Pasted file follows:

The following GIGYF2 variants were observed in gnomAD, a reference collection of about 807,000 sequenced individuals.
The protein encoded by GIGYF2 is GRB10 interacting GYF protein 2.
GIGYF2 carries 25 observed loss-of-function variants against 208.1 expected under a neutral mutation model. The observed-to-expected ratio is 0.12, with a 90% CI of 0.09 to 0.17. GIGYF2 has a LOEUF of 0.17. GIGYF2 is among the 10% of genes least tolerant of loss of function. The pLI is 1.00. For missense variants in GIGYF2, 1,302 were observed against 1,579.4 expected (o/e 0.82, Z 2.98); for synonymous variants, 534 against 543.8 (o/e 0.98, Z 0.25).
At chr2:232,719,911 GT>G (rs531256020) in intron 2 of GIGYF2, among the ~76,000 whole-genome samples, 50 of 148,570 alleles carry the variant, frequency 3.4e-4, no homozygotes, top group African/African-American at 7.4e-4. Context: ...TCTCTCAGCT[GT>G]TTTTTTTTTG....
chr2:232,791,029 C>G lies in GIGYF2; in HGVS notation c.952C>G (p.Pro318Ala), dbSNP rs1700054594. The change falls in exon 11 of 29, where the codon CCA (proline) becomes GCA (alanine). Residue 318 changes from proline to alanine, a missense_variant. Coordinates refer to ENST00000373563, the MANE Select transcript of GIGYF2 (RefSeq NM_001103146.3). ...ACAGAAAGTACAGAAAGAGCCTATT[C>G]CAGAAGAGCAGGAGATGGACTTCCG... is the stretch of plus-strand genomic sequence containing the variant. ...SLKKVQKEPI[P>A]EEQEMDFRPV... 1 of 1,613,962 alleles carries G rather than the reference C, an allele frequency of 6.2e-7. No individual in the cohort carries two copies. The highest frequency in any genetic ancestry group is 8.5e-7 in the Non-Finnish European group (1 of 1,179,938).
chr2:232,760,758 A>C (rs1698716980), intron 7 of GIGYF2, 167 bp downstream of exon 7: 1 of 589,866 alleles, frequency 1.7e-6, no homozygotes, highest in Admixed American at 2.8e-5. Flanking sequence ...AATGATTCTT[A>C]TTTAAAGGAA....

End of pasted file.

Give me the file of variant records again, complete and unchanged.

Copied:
The following GIGYF2 variants were observed in gnomAD, a reference collection of about 807,000 sequenced individuals.
The protein encoded by GIGYF2 is GRB10 interacting GYF protein 2.
GIGYF2 carries 25 observed loss-of-function variants against 208.1 expected under a neutral mutation model. The observed-to-expected ratio is 0.12, with a 90% CI of 0.09 to 0.17. GIGYF2 has a LOEUF of 0.17. GIGYF2 is among the 10% of genes least tolerant of loss of function. The pLI is 1.00. For missense variants in GIGYF2, 1,302 were observed against 1,579.4 expected (o/e 0.82, Z 2.98); for synonymous variants, 534 against 543.8 (o/e 0.98, Z 0.25).
At chr2:232,719,911 GT>G (rs531256020) in intron 2 of GIGYF2, among the ~76,000 whole-genome samples, 50 of 148,570 alleles carry the variant, frequency 3.4e-4, no homozygotes, top group African/African-American at 7.4e-4. Context: ...TCTCTCAGCT[GT>G]TTTTTTTTTG....
chr2:232,791,029 C>G lies in GIGYF2; in HGVS notation c.952C>G (p.Pro318Ala), dbSNP rs1700054594. The change falls in exon 11 of 29, where the codon CCA (proline) becomes GCA (alanine). Residue 318 changes from proline to alanine, a missense_variant. Coordinates refer to ENST00000373563, the MANE Select transcript of GIGYF2 (RefSeq NM_001103146.3). ...ACAGAAAGTACAGAAAGAGCCTATT[C>G]CAGAAGAGCAGGAGATGGACTTCCG... is the stretch of plus-strand genomic sequence containing the variant. ...SLKKVQKEPI[P>A]EEQEMDFRPV... 1 of 1,613,962 alleles carries G rather than the reference C, an allele frequency of 6.2e-7. No individual in the cohort carries two copies. The highest frequency in any genetic ancestry group is 8.5e-7 in the Non-Finnish European group (1 of 1,179,938).
chr2:232,760,758 A>C (rs1698716980), intron 7 of GIGYF2, 167 bp downstream of exon 7: 1 of 589,866 alleles, frequency 1.7e-6, no homozygotes, highest in Admixed American at 2.8e-5. Flanking sequence ...AATGATTCTT[A>C]TTTAAAGGAA....